private static void sendDowntimeAlert(CalendarService myService,
        CalendarEntry entry, String title, String description, Long startOffset, Long endOffset, Long tzOffset) throws IOException,
        ServiceException {

    String postUrlString = entry.getLink("alternate", "application/atom+xml").getHref();

    URL postUrl = new URL(postUrlString);//was: ""

    CalendarEventEntry myEntry = new CalendarEventEntry();

    myEntry.setTitle(new PlainTextConstruct(title));
    myEntry.setContent(new PlainTextConstruct(description));

    Date now = new Date();

    Date startDate = new Date(now.getTime()+startOffset);
    Date endDate = new Date(now.getTime()+endOffset);

    DateTime startTime = new DateTime(startDate.getTime()+tzOffset);

    DateTime endTime = new DateTime(endDate.getTime()+tzOffset);

    When eventTimes = new When();

    // Send the request and receive the response:
    CalendarEventEntry insertedEntry = myService.insert(postUrl, myEntry);
    System.err.println("Got response for: "+insertedEntry.getTitle().getPlainText());
    for(When when : insertedEntry.getTimes()) {
        System.err.println("When: "+when.getStartTime()+" to "+when.getEndTime());

    //5 minute reminder
    Reminder reminder = new Reminder();


Don\’t forget, you\’ll need to download the Google Data APIs and put their JARs in your classpath before this will work!

Personally I use this with Nagios. I always use the same args for the calendar offsets, so I\’ve encapsulated most of my settings (except title and body) in a script.


export SCRIPTDIR=/opt/calAlert
export PW=mySecurePassword
export CAL=Notifications
export TZOFFSET=10
export ENDOFFSET=12
export TITLE=$1
export BODY=$2

export CURRDIR=pwd

export CLASSPATH=”${SCRIPTDIR}/calAlert.jar”

assumes GData libs are in “libs” subdirectory of SCRIPTDIR

for jarfile in $(ls “${SCRIPTDIR}/lib”)
echo lib/${jarfile}




Training Junk Mail filter using Apple Mail and GMail IMAP Connector

Like most people, I get literally thousands of spam messages a month. I never see them, of course, because they\’re filtered out by Gmail\’s incredible spam filtering system.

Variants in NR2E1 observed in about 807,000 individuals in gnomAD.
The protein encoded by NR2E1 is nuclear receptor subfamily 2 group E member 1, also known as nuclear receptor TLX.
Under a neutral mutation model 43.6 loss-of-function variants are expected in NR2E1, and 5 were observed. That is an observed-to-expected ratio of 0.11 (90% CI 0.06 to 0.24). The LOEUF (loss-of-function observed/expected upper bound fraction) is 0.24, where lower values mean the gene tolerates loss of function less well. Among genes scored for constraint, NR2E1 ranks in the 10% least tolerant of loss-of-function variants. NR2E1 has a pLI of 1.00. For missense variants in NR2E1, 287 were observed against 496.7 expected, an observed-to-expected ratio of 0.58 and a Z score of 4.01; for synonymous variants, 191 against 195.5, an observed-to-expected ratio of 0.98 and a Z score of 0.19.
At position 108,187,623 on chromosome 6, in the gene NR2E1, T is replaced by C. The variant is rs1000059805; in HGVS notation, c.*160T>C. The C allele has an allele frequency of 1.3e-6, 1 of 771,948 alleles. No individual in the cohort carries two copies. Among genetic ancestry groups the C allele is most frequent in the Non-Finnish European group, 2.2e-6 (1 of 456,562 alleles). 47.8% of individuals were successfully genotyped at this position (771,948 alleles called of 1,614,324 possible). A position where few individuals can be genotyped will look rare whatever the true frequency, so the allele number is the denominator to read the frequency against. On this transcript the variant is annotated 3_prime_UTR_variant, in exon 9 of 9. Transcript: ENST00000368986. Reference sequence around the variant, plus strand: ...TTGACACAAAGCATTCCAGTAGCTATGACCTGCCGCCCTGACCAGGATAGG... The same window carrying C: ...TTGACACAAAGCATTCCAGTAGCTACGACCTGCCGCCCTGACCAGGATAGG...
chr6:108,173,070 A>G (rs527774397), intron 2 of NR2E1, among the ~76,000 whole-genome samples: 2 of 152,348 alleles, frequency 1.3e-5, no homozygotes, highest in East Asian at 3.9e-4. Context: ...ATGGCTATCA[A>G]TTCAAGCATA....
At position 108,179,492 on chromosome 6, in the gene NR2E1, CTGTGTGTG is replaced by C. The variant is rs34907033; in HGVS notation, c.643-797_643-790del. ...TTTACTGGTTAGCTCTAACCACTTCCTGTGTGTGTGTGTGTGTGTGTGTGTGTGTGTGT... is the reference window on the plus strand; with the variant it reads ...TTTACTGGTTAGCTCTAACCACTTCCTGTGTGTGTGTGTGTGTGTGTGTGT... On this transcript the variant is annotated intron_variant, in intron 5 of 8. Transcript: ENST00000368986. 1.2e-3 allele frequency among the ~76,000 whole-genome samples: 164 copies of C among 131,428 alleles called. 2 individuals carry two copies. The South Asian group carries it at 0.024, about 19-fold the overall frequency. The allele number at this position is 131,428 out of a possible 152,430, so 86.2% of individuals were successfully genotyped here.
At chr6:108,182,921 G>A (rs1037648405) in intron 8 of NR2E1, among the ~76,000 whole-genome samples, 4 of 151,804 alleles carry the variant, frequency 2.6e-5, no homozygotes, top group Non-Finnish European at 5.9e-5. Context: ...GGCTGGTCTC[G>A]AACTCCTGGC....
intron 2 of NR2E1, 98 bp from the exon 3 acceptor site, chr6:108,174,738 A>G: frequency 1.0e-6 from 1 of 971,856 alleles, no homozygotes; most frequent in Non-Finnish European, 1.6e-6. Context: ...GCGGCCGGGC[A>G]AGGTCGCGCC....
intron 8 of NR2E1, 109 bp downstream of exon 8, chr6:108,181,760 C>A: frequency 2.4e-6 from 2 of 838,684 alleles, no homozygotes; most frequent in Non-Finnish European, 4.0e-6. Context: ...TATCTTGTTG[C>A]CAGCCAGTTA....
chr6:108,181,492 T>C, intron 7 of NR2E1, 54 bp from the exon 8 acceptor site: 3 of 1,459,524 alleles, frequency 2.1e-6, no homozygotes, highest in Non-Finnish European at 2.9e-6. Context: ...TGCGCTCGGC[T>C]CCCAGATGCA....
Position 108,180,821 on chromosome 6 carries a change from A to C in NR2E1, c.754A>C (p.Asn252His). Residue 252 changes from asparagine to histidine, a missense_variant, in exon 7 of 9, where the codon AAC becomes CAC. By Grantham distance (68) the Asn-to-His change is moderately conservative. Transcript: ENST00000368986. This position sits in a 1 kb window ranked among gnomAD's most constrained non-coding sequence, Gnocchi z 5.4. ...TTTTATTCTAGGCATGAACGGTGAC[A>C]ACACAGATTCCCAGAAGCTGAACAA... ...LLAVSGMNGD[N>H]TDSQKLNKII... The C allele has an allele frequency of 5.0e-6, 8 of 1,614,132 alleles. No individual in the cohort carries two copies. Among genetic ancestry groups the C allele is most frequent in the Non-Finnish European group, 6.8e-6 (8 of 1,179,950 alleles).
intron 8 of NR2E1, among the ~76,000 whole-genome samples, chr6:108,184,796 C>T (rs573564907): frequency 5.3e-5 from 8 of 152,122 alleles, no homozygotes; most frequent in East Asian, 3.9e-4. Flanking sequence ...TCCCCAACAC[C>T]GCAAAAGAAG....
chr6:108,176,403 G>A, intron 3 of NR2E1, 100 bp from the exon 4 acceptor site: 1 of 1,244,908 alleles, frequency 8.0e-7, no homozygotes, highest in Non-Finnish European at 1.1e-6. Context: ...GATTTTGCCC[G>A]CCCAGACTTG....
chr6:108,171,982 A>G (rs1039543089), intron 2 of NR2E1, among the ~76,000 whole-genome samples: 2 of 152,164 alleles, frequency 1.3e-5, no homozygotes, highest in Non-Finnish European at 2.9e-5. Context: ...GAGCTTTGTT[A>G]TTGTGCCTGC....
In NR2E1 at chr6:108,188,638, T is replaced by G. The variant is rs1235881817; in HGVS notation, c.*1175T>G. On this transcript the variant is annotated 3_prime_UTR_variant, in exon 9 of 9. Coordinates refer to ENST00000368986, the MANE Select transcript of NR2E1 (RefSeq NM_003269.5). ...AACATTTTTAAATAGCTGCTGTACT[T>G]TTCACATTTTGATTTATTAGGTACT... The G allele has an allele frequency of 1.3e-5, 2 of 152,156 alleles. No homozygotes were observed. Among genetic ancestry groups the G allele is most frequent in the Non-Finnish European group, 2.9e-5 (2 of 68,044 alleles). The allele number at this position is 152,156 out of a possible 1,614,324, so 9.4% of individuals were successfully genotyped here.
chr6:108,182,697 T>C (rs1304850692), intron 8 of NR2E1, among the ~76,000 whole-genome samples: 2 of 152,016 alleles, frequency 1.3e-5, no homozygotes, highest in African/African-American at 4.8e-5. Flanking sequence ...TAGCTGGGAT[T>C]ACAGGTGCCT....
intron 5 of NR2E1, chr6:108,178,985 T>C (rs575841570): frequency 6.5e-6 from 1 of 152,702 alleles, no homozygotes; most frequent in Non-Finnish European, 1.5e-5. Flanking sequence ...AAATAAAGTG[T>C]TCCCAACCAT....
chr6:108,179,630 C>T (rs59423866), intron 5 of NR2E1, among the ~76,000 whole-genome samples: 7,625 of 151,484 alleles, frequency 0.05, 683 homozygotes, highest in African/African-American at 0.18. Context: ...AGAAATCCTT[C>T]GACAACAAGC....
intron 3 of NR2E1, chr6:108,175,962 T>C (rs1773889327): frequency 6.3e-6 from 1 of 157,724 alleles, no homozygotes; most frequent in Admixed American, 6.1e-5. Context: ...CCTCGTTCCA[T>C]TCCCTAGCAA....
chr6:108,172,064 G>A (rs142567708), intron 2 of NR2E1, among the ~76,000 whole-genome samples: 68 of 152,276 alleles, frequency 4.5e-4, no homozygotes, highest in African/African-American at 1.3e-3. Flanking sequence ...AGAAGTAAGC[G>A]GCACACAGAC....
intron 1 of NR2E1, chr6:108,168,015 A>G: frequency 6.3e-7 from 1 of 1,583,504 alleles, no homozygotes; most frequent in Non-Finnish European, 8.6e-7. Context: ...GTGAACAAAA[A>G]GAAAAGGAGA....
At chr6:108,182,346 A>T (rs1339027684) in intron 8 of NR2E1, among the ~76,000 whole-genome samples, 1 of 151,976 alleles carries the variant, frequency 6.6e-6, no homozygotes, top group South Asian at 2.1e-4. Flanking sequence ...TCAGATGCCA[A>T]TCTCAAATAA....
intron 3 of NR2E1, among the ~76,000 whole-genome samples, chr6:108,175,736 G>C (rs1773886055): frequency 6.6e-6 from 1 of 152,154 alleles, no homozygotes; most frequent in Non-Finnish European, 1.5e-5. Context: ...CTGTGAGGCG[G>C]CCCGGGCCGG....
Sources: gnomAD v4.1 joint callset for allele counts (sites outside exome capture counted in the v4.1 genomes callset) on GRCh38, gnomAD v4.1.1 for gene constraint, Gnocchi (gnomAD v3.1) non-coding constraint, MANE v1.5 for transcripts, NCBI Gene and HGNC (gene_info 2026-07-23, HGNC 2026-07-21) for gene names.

This is all well and good if you\’ve got a Gmail account, but what if you want Google-quality filtering for your business or other mail accounts?

Well, thanks to Gmail IMAP support, we now have a massive and incredibly accurate data set for training Apple Mail\’s junk filter. Gmail IMAP lets you browse folders other than your inbox. So once you\’ve added it to your Apple Mail account list, simply browse to the Spam folder, select all, then mark those messages As Junk.

This simple act will train Mail\’s bayesian spam filtering system on everything in your GMail spam folder, no doubt instantly improving its performance somewhat. In my case, the spam folder usually has 3000-4000 messages in it, which is fairly hefty and it would certainly take a lot of clicking to get that kind of data by hand.

Thanks Google!

Jackrabbit, Wicket, Tomcat, Maven2… hell.

What follows is lessons learned migrating to the potentially magnificent Maven2 for dependency management.

Put <scope>provided</scope> on Tomcat shared resources in your pom.xml

If you deploy jars as a shared resource on Tomcat (i.e. put the jars in common/lib) then be sure to add the <scope>provided</scope> to those dependencies in your project\’s pom.xml. Otherwise, you\’ll get absolutely daft class-cast errors on shared resources like:

2007-10-21 12:42:19,425 ERROR 0-SNAPSHOT] - Servlet /myExample2-1.0-SNAPSHOT threw load() exception
java.lang.ClassCastException: org.apache.jackrabbit.core.jndi.BindableRepository cannot be cast to org.apache.jackrabbit.core.jndi.BindableRepository

Hahahahahahaha I think I want to kill myself. The problem is that Tomcat\’s shared libraries are loaded by a different classloader than your web-app\’s shared libraries (which is nice in a way, because it means you can use different versions of log4j or whatever).

So the lesson here is: Anything you want created by Tomcat and loaded by name (e.g. “jcr/repository”), be sure to exclude from your WEB-INF/lib when you deploy.

You can load the same shared resource by name for all apps

Deploying a Maven2-enabled app using Codehaus Mojo is a breeze… unless you want to deploy a context with it. And a context is the only way to load up named shared resources like a Jackrabbit repository. The solution?


The contents are loaded for all contexts. Brilliant.

Class blahblah violates loader constraints

Oh no. This was awful. For me it was:

2007-10-21 13:16:26,331 ERROR 0-SNAPSHOT] - Exception starting filter DataServlet
java.lang.LinkageError: Class org/slf4j/ILoggerFactory violates loader constraints

I needed to scour the dependencies that Maven was loading into my webapp automatically and explicitly label them as provided.

Make the web disappear

What is it that compels people to publish their life online?

Blogs, Moblogs, Photoblogs, Vlogs, iCalendar, iTunesBlogger, flickr,, geourl. Social bookmarking, social networking, aggregating and subscription. What is it that drives people to publish their life online? And what is it that compels them to read about others’ lives?